by Melissa Brunner
When Jorge Mario Bergoglio of Argentina was introduced as the new Pope Wednesday, it also was announced he would take the name Pope Francis I. It is reported he selected the name to honor his favorite saint, St. Francis of Assisi.
It brings up the question: Why do cardinals choose a new name when selected Pope?
I'm Catholic and did not recall the answer, so I did some checking for the answer and here's what I learned.
Selecting a new name is a tradition that dates back 533. Pope John II's birth name was Mercurius, which is derived from Mercury. Mercury was a pagan Roman god and Pope John II did not believe a belonging to a pagan religion was appropriate for a successor of St. Peter. Mercurius chose "John" to honor a previous pope.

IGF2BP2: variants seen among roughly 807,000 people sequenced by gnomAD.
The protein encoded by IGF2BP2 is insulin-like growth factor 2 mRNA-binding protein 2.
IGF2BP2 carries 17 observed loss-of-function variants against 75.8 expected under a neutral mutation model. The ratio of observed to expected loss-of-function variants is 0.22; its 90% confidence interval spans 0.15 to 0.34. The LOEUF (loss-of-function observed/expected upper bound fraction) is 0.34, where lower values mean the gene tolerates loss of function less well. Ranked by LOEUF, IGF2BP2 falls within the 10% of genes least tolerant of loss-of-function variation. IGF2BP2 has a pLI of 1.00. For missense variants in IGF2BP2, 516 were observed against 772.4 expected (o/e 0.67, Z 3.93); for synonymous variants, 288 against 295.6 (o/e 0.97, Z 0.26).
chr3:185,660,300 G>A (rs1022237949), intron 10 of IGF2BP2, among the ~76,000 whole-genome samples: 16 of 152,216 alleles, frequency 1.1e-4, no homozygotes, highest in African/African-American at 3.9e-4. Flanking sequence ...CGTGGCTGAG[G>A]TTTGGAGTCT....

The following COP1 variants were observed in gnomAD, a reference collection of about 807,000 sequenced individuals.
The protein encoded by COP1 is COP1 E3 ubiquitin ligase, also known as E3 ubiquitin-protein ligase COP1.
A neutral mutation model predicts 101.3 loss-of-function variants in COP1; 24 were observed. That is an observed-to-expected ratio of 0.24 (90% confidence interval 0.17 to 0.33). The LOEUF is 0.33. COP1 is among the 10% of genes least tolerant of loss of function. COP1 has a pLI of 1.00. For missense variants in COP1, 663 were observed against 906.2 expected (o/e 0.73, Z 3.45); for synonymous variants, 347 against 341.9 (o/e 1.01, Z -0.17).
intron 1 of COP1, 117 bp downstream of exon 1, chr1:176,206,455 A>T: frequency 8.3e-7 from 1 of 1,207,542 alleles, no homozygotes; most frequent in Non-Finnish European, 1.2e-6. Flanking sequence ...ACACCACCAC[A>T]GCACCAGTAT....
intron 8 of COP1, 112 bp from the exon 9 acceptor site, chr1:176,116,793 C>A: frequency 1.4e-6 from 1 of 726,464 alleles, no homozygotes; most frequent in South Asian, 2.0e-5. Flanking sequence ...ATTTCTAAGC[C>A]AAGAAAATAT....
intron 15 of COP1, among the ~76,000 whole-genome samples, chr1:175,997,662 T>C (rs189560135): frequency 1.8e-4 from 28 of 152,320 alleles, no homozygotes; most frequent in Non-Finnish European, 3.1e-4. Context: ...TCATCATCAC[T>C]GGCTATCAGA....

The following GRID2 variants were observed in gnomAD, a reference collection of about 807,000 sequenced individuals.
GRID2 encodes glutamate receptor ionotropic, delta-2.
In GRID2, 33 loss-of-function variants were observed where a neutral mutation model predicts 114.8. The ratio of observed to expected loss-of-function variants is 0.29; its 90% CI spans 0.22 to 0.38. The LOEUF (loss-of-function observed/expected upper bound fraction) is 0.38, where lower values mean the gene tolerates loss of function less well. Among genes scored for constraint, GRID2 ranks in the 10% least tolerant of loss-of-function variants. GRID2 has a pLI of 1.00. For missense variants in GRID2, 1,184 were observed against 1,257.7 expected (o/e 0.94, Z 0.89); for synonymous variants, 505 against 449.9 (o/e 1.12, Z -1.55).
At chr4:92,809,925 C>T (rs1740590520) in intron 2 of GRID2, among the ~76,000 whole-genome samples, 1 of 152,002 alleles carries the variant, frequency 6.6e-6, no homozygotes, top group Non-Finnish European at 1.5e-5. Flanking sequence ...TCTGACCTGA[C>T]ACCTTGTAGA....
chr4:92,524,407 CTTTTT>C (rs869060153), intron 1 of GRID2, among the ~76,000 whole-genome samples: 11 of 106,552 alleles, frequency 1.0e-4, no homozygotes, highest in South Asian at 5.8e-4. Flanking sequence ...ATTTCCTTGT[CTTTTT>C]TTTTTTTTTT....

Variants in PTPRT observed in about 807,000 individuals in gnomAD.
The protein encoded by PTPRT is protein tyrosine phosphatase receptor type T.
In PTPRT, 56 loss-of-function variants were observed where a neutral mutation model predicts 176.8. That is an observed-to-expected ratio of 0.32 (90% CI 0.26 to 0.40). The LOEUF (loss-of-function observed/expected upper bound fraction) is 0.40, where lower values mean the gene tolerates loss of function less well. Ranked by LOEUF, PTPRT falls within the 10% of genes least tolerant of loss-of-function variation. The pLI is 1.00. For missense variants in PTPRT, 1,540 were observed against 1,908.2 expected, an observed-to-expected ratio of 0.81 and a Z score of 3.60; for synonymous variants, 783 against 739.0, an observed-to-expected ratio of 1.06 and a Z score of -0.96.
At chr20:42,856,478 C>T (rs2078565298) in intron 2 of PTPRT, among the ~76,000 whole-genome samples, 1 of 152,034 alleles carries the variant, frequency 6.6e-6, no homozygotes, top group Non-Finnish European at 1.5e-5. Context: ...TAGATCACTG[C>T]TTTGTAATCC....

While some Popes since then have kept their baptismal names, every Pope since 1555 has elected to take a new name. It has come to symbolize entering their new life as head of the Catholic Church. The Pope typically takes the name of a favorite saint or a previous Pope whom he admires.
And now we know!
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